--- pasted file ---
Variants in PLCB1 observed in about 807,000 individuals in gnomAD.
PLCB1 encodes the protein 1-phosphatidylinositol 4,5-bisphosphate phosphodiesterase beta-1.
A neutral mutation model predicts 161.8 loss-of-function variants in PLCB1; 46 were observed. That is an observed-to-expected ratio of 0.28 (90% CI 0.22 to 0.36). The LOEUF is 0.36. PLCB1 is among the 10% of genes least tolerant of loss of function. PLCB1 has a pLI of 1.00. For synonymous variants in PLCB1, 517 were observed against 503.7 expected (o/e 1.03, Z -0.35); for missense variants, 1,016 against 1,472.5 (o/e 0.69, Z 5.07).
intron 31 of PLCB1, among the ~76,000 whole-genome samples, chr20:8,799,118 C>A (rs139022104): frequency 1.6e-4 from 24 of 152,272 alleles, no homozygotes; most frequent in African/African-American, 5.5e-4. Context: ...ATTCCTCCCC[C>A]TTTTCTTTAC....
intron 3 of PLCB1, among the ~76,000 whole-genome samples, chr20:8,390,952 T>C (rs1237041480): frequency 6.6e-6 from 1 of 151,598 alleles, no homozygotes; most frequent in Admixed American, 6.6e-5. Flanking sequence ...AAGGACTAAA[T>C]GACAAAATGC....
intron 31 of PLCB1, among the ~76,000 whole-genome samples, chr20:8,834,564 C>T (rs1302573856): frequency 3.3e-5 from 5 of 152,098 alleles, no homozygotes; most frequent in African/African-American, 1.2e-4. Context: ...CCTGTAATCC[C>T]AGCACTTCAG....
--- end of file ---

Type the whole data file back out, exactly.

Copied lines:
Variants in PLCB1 observed in about 807,000 individuals in gnomAD.
PLCB1 encodes the protein 1-phosphatidylinositol 4,5-bisphosphate phosphodiesterase beta-1.
A neutral mutation model predicts 161.8 loss-of-function variants in PLCB1; 46 were observed. That is an observed-to-expected ratio of 0.28 (90% CI 0.22 to 0.36). The LOEUF is 0.36. PLCB1 is among the 10% of genes least tolerant of loss of function. PLCB1 has a pLI of 1.00. For synonymous variants in PLCB1, 517 were observed against 503.7 expected (o/e 1.03, Z -0.35); for missense variants, 1,016 against 1,472.5 (o/e 0.69, Z 5.07).
intron 31 of PLCB1, among the ~76,000 whole-genome samples, chr20:8,799,118 C>A (rs139022104): frequency 1.6e-4 from 24 of 152,272 alleles, no homozygotes; most frequent in African/African-American, 5.5e-4. Context: ...ATTCCTCCCC[C>A]TTTTCTTTAC....
intron 3 of PLCB1, among the ~76,000 whole-genome samples, chr20:8,390,952 T>C (rs1237041480): frequency 6.6e-6 from 1 of 151,598 alleles, no homozygotes; most frequent in Admixed American, 6.6e-5. Flanking sequence ...AAGGACTAAA[T>C]GACAAAATGC....
intron 31 of PLCB1, among the ~76,000 whole-genome samples, chr20:8,834,564 C>T (rs1302573856): frequency 3.3e-5 from 5 of 152,098 alleles, no homozygotes; most frequent in African/African-American, 1.2e-4. Context: ...CCTGTAATCC[C>T]AGCACTTCAG....